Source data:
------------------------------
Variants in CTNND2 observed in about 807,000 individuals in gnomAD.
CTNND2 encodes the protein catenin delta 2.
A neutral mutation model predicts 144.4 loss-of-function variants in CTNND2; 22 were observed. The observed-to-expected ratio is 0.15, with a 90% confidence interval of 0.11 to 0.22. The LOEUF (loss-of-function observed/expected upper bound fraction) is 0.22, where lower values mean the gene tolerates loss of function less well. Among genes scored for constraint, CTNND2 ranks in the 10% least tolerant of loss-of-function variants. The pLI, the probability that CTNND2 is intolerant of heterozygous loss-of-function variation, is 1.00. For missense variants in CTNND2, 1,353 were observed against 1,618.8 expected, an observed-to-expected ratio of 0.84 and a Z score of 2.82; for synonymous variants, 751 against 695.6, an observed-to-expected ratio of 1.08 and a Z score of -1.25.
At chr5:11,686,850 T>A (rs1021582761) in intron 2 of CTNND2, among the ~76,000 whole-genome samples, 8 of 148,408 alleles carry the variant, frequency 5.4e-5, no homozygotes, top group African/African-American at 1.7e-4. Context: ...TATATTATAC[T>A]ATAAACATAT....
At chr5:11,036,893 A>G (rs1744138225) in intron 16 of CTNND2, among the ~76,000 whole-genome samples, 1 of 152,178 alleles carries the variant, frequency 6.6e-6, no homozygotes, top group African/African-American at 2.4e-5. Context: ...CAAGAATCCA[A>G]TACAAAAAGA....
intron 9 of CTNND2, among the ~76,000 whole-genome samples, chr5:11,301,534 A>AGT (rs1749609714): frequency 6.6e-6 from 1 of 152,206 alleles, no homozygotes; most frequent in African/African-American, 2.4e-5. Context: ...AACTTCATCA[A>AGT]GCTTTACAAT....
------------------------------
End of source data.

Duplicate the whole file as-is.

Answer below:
Variants in CTNND2 observed in about 807,000 individuals in gnomAD.
CTNND2 encodes the protein catenin delta 2.
A neutral mutation model predicts 144.4 loss-of-function variants in CTNND2; 22 were observed. The observed-to-expected ratio is 0.15, with a 90% confidence interval of 0.11 to 0.22. The LOEUF (loss-of-function observed/expected upper bound fraction) is 0.22, where lower values mean the gene tolerates loss of function less well. Among genes scored for constraint, CTNND2 ranks in the 10% least tolerant of loss-of-function variants. The pLI, the probability that CTNND2 is intolerant of heterozygous loss-of-function variation, is 1.00. For missense variants in CTNND2, 1,353 were observed against 1,618.8 expected, an observed-to-expected ratio of 0.84 and a Z score of 2.82; for synonymous variants, 751 against 695.6, an observed-to-expected ratio of 1.08 and a Z score of -1.25.
At chr5:11,686,850 T>A (rs1021582761) in intron 2 of CTNND2, among the ~76,000 whole-genome samples, 8 of 148,408 alleles carry the variant, frequency 5.4e-5, no homozygotes, top group African/African-American at 1.7e-4. Context: ...TATATTATAC[T>A]ATAAACATAT....
At chr5:11,036,893 A>G (rs1744138225) in intron 16 of CTNND2, among the ~76,000 whole-genome samples, 1 of 152,178 alleles carries the variant, frequency 6.6e-6, no homozygotes, top group African/African-American at 2.4e-5. Context: ...CAAGAATCCA[A>G]TACAAAAAGA....
intron 9 of CTNND2, among the ~76,000 whole-genome samples, chr5:11,301,534 A>AGT (rs1749609714): frequency 6.6e-6 from 1 of 152,206 alleles, no homozygotes; most frequent in African/African-American, 2.4e-5. Context: ...AACTTCATCA[A>AGT]GCTTTACAAT....